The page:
COVID-19 has ramped up your nervous system – how craniosacral can help rebalance it

Your social engagement system is your first line of defense before ‘fight or flight’ or ‘rest and digest’ – it needs down-regulating too.

Craniosacral is about listening to the body as a whole. When you cut your finger your body knows to send defenders to clot blood and create a scab; when the body is optimal, the whole body repairs in the same way. But what happens when those signals get subverted? Not only do we have a Western medical model, segmenting, diagnosing and pathologising sufferers, but we are coming off the back of a global pandemic where ALL of us have faced challenges and many of those with a history of mental illness have been thrust back into the depths of their traumatic response. During lockdown in New Zealand, we had a 50 percent increase in texts to Youthline while calls to Lifeline increased 25 percent.

Treating the last month or so from my inner city clinic, has shown that even though we are enjoying Level 1, things are definitely not ‘back to normal.’ A large proportion of my clients are presenting with some form of trauma response. COVID-19 has been the last straw on already overloaded systems with most people presenting with an autonomic nervous system ‘buzz’ or ‘tone.’ What I wasn’t prepared for was this expressing in clients social engagement system (ventral vagus). We have been told we can’t connect, engage with others or communicate in the ways we are used to. Whether you are an introvert or an extrovert; this period has been highly challenging to the way we connect to our loved ones, colleagues and buddies — and on top of this researchers confirming the taxing nature of screen-time that results in our Zoom fatigue.

I knew what I was feeling in bodies but little did I know that, back in April, Stephen Porges, the key researcher of Poly- Vagal theory and our social engagement systems, wrote about this very issue.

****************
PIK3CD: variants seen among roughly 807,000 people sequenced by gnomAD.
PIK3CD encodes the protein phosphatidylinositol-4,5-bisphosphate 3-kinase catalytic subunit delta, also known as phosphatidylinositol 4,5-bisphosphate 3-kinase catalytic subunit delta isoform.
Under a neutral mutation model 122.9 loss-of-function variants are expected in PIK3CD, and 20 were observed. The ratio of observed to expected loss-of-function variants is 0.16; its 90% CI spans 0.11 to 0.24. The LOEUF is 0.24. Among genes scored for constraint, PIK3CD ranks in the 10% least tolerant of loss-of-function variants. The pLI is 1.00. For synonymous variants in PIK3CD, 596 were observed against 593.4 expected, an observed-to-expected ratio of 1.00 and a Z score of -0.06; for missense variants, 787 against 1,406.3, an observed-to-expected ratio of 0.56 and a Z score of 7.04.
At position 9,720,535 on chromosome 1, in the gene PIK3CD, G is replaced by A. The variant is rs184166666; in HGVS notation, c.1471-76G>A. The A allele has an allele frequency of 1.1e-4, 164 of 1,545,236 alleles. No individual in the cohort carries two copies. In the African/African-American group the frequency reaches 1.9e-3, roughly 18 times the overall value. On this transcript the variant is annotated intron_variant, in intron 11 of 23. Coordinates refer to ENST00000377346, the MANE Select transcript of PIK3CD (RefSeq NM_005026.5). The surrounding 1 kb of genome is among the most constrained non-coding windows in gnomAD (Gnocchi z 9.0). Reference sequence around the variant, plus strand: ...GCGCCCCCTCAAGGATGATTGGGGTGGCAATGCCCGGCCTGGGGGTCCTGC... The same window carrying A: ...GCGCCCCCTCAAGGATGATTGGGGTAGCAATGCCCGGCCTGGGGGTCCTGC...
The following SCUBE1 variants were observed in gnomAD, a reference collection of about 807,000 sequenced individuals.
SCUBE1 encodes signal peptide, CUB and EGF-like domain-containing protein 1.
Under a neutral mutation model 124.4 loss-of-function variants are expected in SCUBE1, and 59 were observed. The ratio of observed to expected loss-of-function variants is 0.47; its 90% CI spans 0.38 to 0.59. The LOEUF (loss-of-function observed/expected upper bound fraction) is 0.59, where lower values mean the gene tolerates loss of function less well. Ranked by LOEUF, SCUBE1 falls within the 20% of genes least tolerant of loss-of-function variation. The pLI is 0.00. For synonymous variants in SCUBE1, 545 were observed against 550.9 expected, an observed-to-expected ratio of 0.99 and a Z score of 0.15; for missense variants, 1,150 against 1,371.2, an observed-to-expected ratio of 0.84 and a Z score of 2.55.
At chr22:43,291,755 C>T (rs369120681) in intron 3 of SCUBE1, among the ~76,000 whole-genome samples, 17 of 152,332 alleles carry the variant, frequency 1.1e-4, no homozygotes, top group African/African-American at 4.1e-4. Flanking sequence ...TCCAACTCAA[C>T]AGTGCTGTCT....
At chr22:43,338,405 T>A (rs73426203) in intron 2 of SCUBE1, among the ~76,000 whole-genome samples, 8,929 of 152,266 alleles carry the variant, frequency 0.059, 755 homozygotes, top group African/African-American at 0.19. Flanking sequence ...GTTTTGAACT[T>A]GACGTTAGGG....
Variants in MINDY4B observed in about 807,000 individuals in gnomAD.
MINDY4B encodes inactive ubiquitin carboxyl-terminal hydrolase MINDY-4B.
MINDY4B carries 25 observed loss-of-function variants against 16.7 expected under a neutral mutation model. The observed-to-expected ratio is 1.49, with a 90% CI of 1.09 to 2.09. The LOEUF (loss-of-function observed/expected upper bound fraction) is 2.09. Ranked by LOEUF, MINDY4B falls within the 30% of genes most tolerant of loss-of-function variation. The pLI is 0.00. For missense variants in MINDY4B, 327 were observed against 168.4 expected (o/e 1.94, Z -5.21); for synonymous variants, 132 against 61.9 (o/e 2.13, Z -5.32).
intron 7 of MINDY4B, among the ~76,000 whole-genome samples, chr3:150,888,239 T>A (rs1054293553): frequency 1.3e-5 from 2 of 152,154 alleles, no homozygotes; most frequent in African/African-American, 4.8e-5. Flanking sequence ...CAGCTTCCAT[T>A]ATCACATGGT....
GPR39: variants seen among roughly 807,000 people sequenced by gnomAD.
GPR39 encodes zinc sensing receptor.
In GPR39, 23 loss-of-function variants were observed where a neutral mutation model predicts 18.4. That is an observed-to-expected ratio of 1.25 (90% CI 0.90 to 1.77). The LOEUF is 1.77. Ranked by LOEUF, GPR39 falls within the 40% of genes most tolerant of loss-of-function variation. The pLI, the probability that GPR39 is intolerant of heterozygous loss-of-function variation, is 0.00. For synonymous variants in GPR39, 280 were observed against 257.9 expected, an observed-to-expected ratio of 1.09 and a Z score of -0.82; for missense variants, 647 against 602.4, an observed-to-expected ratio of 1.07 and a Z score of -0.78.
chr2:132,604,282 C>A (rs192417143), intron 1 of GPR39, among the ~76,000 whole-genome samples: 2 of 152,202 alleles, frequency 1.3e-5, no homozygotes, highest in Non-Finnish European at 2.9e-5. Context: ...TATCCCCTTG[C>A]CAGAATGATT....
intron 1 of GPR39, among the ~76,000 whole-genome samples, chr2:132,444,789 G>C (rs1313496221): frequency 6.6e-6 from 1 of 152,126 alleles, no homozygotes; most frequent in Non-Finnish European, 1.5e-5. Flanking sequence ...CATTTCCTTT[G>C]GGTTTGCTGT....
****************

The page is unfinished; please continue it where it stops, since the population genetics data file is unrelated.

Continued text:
Porges states, ‘in the absence of an active social engagement system, the mobilized state provides an efficient neural platform for fight and flight behaviours. For many individuals, this state will reflect chronic anxiety or irritability. When mobilization does not successfully move the individual into a safe context, then there is the possibility that the nervous system will shift into an immobilized state with associated features of death feigning, syncope, dissociation, withdrawal, loss of purpose, social isolation, despair, and depression.’

He acknowledges that ‘the optimally resilient individual has opportunities to co-regulate physiological state with a safe and trusted other. Ideally, this “other” person projects positive cues regarding their autonomic state through prosodic voice, warm welcoming facial expressions, and gestures of accessibility.’ This is what I do in my clinic room.

I create a calm, safe space. You are warm, blanketed, fully clothed and brought back into a safe awareness of your body. With trauma, I gently guide clients to come back into relationship with the parts of themselves that have dissociated for good reason. It’s a smart system that decides that neck pain, or that level of stress is too much right now and takes action. We take time to find the places of health in your body, so your neural pathways can get the message to move your limbic system out of high alert and back into safety.

Some of us have managed to maintain connection during lockdown, others have really struggled. Non-judgmental, anatomically-informed neutral touch, allows the body to come into safety and discharge some of these inherent patterns, that may have lain dormant for decades, now resurfacing.

If you found this article useful, please share 🙂


Craniowaves – WellHub,
Zephyr House,
Level 1 – 82 Willis Street,
Wellington , 6011
New Zealand


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